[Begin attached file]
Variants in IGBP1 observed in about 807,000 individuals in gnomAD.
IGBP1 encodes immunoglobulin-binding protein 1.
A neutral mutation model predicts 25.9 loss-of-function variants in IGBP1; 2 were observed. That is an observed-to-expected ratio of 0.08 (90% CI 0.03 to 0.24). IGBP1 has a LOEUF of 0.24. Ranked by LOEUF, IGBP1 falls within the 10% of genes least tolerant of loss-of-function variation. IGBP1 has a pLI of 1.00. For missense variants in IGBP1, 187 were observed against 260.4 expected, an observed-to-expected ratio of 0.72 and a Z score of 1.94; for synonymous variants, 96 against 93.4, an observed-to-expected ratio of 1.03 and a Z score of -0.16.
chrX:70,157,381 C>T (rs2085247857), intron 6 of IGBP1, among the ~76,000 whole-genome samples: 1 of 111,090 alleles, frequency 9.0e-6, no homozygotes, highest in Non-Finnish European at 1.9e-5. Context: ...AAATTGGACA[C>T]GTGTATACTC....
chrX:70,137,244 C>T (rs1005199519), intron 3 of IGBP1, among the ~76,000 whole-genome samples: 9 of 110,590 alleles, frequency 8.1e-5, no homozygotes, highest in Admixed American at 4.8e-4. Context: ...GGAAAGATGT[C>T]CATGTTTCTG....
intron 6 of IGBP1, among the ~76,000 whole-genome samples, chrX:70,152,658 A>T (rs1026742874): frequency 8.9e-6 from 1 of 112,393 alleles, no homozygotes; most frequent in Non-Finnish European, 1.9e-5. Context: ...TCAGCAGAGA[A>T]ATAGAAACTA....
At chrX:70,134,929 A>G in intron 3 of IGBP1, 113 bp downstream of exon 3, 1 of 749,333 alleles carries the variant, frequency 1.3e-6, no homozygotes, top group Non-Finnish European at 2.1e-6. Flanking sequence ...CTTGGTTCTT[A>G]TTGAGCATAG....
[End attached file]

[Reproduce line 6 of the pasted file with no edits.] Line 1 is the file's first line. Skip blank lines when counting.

intron 6 of IGBP1, among the ~76,000 whole-genome samples, chrX:70,152,658 A>T (rs1026742874): frequency 8.9e-6 from 1 of 112,393 alleles, no homozygotes; most frequent in Non-Finnish European, 1.9e-5. Context: ...TCAGCAGAGA[A>T]ATAGAAACTA....